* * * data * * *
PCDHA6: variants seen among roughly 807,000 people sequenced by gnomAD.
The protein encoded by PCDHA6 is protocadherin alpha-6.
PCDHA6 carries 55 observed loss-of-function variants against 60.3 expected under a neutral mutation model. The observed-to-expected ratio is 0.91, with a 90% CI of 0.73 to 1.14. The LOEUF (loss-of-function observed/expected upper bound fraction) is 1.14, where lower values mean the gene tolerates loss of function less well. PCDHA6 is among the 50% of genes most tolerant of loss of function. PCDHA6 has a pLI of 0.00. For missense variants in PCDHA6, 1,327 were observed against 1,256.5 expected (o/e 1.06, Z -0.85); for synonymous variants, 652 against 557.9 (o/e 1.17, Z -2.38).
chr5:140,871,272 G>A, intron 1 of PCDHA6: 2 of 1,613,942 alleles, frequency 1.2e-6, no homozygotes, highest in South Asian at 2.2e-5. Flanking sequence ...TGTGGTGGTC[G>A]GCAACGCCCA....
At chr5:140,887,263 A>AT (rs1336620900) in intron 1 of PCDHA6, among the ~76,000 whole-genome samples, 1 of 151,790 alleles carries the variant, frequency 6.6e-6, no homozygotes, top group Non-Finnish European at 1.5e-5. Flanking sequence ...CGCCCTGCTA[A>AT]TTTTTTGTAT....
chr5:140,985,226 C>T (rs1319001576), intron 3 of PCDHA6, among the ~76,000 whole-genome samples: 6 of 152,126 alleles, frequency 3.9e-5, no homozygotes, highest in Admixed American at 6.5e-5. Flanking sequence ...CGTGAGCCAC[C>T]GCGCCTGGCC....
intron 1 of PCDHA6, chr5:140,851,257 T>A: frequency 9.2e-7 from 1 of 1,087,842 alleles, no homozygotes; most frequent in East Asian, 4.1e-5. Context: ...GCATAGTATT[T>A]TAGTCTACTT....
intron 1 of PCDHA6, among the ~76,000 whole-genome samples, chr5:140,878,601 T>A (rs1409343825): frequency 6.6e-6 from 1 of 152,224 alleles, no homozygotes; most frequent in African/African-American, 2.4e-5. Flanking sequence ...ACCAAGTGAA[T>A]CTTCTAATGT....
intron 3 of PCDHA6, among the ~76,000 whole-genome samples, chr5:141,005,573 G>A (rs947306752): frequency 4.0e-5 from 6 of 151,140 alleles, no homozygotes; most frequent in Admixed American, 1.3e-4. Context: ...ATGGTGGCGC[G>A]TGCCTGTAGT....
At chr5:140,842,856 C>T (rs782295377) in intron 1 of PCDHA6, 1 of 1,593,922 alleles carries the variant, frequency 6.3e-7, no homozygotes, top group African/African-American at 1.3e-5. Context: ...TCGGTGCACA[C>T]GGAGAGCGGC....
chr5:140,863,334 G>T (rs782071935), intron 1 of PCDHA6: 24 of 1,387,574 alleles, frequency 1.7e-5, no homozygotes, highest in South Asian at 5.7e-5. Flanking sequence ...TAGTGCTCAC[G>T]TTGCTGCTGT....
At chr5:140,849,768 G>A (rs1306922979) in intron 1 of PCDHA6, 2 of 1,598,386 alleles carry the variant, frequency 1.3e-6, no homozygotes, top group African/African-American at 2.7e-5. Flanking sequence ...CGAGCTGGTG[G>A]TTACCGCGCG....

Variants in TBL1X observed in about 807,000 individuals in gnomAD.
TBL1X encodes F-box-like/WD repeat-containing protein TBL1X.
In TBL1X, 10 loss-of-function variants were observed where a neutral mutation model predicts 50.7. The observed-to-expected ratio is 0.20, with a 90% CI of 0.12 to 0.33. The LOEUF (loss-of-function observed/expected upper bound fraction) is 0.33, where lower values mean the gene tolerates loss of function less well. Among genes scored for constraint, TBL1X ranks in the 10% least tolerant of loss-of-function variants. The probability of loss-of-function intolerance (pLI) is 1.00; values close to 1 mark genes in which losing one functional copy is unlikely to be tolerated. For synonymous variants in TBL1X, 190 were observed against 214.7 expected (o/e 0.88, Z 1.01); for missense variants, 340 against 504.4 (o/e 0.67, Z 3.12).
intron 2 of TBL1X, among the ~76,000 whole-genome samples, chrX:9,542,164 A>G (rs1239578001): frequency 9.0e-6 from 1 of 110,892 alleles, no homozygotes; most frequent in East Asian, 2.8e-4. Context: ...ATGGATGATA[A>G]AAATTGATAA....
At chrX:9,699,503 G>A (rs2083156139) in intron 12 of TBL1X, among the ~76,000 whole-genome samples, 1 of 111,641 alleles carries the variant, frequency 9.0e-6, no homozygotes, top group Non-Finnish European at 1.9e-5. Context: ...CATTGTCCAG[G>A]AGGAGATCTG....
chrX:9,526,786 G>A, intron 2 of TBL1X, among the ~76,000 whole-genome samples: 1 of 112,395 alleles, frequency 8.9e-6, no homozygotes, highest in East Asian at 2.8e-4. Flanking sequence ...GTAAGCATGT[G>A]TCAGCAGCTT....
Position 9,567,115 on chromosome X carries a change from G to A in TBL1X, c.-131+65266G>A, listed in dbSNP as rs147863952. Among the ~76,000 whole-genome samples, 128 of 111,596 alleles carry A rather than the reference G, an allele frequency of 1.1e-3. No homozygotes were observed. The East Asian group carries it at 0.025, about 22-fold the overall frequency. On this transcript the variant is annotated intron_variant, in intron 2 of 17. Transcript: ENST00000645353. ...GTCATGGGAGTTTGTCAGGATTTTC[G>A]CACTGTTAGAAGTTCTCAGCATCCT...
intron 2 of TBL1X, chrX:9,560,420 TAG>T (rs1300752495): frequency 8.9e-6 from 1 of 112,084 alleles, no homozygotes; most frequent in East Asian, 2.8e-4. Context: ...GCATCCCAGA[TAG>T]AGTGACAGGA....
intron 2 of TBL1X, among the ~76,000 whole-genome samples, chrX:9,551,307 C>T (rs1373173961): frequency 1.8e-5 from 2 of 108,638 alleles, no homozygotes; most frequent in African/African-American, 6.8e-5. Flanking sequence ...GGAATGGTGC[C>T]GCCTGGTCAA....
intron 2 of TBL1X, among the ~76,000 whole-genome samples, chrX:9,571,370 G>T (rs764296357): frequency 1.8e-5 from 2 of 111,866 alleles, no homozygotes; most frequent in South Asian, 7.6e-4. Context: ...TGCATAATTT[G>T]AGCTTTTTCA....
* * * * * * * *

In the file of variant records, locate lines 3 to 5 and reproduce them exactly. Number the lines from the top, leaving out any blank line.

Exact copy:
PCDHA6 carries 55 observed loss-of-function variants against 60.3 expected under a neutral mutation model. The observed-to-expected ratio is 0.91, with a 90% CI of 0.73 to 1.14. The LOEUF (loss-of-function observed/expected upper bound fraction) is 1.14, where lower values mean the gene tolerates loss of function less well. PCDHA6 is among the 50% of genes most tolerant of loss of function. PCDHA6 has a pLI of 0.00. For missense variants in PCDHA6, 1,327 were observed against 1,256.5 expected (o/e 1.06, Z -0.85); for synonymous variants, 652 against 557.9 (o/e 1.17, Z -2.38).
chr5:140,871,272 G>A, intron 1 of PCDHA6: 2 of 1,613,942 alleles, frequency 1.2e-6, no homozygotes, highest in South Asian at 2.2e-5. Flanking sequence ...TGTGGTGGTC[G>A]GCAACGCCCA....
At chr5:140,887,263 A>AT (rs1336620900) in intron 1 of PCDHA6, among the ~76,000 whole-genome samples, 1 of 151,790 alleles carries the variant, frequency 6.6e-6, no homozygotes, top group Non-Finnish European at 1.5e-5. Flanking sequence ...CGCCCTGCTA[A>AT]TTTTTTGTAT....